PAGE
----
When choosing an antenna to watch free over-the-air TV, there are a few factors to consider, but the most significant consideration is which one will best suit your needs. For instance, when it comes to UHV vs. VHF, which type of antenna will provide what you want? If you’re not sure, don’t worry. Learn all about the different frequency types to make an informed decision.
UHF vs. VHF: What’s The Difference?
UHF is an abbreviation for ultra-high frequency. It refers to the portion of the electromagnetic spectrum that encompasses all radio frequencies between 300 MHz and 3 GHz (3000 MHz). Because UHF signals are least affected by environmental factors, they are used extensively in radio and television broadcasting, typically carrying TV signals on channels 14 through 83.
VHF stands for very high frequency and refers to the radio frequency range from 30 MHz to 299 MHz. While VHF is used for FM radio and television broadcasting, it is also utilized to broadcast military and local mobile radio, traffic control, radar, radio modem and marine and air navigation systems transmissions. VHF television channels are typically 2 through 13.
When Do You Want A UHF vs. VHF Antenna (Or Vice Versa)?
You should consider a few variables to determine if you want a UHF or VHF antenna. First, research the channels you hope to watch to learn whether they are primarily UHF or VHF.
Prior to the mandatory analog cutoff in 2009 by the DTV Delay Act, most stations transmitted broadcasts in VHF, which was beneficial because it supported longer transmission distances and could bypass interference. After the cutoff, most stations switched to UHF if they were able because the higher frequencies improve digital compression and error checking of high-definition broadcasts. However, many television stations do still use VHF.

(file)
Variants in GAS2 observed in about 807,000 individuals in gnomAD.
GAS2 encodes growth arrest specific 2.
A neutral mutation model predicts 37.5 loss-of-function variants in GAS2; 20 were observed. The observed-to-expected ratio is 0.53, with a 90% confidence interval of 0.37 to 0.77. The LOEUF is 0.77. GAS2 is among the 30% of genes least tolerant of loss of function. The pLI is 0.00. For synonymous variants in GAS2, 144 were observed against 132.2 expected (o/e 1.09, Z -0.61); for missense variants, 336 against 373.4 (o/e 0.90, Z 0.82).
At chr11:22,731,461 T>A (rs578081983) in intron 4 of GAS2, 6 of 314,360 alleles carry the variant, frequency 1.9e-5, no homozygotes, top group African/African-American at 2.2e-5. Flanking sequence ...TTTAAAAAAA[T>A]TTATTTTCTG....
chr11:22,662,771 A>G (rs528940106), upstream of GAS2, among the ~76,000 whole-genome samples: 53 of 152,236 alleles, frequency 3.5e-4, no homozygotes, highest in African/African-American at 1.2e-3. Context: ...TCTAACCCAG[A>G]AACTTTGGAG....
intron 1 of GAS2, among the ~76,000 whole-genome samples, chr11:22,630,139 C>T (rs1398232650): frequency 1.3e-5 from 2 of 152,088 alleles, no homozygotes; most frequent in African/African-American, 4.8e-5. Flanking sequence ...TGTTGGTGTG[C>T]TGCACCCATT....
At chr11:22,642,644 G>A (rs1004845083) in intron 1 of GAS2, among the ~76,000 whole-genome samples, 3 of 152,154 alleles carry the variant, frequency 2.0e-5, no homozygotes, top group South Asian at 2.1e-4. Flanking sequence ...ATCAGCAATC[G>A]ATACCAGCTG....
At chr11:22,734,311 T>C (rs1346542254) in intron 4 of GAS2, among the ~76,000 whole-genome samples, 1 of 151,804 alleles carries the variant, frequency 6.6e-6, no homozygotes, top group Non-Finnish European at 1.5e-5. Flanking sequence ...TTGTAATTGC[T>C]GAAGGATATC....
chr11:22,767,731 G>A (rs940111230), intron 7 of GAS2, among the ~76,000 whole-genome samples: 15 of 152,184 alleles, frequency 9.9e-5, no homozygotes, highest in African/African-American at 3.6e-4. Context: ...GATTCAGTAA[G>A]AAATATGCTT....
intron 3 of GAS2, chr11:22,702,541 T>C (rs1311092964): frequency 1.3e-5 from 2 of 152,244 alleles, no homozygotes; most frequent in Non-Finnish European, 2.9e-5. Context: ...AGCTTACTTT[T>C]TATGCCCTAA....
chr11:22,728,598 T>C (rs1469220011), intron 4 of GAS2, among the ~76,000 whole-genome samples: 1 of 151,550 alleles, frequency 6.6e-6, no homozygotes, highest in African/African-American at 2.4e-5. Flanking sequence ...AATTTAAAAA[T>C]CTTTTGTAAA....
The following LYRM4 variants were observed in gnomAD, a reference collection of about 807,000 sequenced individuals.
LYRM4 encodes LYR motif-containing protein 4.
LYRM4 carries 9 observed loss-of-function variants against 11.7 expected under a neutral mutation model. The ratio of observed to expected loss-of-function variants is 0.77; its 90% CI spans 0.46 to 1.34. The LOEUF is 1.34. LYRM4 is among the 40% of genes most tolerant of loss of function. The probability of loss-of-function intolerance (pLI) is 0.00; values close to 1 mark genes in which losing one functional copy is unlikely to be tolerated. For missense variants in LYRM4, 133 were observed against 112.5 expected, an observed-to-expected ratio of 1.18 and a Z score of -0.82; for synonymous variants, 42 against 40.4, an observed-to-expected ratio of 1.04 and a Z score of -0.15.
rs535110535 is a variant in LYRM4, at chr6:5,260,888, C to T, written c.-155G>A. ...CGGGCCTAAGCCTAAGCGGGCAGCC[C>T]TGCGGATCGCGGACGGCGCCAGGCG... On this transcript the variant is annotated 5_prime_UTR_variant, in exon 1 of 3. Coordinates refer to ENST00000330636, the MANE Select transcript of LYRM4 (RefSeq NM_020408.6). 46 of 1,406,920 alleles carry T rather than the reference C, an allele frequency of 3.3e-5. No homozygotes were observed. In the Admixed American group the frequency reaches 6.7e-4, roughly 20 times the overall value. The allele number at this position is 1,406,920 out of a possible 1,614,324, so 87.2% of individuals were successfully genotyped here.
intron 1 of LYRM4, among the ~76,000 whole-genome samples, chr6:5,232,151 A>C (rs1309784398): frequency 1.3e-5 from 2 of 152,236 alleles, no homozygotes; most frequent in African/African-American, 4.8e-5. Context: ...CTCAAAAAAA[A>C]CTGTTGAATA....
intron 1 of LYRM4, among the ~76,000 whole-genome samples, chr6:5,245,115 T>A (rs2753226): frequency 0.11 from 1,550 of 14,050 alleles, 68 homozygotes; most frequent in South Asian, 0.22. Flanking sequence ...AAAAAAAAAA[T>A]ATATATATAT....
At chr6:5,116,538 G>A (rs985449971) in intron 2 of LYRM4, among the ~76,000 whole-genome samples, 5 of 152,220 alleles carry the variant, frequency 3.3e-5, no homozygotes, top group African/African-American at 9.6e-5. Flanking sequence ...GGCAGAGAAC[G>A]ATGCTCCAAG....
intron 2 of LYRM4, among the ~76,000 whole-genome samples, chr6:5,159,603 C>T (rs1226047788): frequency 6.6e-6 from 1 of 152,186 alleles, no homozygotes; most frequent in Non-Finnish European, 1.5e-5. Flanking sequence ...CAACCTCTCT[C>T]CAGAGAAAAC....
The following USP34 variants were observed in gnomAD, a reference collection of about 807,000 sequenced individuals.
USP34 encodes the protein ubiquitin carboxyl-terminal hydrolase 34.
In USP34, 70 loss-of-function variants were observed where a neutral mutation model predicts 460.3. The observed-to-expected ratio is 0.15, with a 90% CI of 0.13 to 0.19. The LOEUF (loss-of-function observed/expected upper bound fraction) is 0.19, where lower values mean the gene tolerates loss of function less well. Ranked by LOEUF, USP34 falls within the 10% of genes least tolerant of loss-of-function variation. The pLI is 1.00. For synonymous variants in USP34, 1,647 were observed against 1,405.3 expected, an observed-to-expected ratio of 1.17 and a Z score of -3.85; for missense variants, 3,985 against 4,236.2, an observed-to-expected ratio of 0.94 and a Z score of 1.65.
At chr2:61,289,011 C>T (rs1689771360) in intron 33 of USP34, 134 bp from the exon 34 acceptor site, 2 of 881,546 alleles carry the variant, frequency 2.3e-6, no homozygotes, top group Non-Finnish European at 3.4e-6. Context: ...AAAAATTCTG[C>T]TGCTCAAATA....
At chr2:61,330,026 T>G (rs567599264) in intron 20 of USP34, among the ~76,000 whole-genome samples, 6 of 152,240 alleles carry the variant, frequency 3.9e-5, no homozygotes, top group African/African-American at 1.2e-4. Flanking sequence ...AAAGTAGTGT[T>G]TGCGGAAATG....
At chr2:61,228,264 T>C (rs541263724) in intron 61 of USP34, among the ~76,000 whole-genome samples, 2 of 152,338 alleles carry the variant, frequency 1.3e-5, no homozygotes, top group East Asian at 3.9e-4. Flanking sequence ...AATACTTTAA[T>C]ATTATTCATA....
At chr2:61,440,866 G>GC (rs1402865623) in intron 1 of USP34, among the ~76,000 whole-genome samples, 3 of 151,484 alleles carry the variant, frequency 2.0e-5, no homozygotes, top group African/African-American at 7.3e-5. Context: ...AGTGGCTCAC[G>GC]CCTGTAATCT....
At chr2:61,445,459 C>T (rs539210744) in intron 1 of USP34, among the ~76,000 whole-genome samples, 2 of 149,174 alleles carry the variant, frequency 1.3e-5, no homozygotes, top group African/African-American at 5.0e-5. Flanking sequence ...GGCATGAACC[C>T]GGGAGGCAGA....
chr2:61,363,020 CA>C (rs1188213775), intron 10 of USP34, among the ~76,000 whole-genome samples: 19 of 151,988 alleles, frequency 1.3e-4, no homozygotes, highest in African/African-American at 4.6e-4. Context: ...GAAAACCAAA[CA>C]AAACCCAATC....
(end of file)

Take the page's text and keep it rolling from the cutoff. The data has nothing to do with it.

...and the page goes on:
Another thing to take into account is your location. VHF is most suitable for short-distance communication as it is not typically affected by interference from electrical equipment and atmospheric noise. However, the waves can be blocked by obstructions such as tall buildings or hills and mountains. And even though VHF can travel farther and has better penetrating capabilities, UHF signals can cut through building materials, such as wood, steel and concrete, more easily than VHF can, which results in improved range and performance in crowded urban areas.
In addition, because VHF signals have longer wavelengths, VHF antenna elements must be larger to receive them effectively. As a result, UHF antennas tend to be smaller and easier to install.
Antennas That Support Both UHF And VHF
Depending on where you live and what you want to watch, you might consider installing an OTA TV antenna that supports UHF and VHF transmissions. UHF/VHF HDTV antennas are designed with dedicated UHF and VHF multi-directional elements to deliver range and reception, even in challenging locations.
That being said, an antenna that performs well on both bands can be large, cumbersome and difficult to install. Because they have different wavelengths, the size and shape of the antenna must be suitable to receive both UHF and VHF signals. In fact, many UHF/VHF antennas are optimized for one or the other.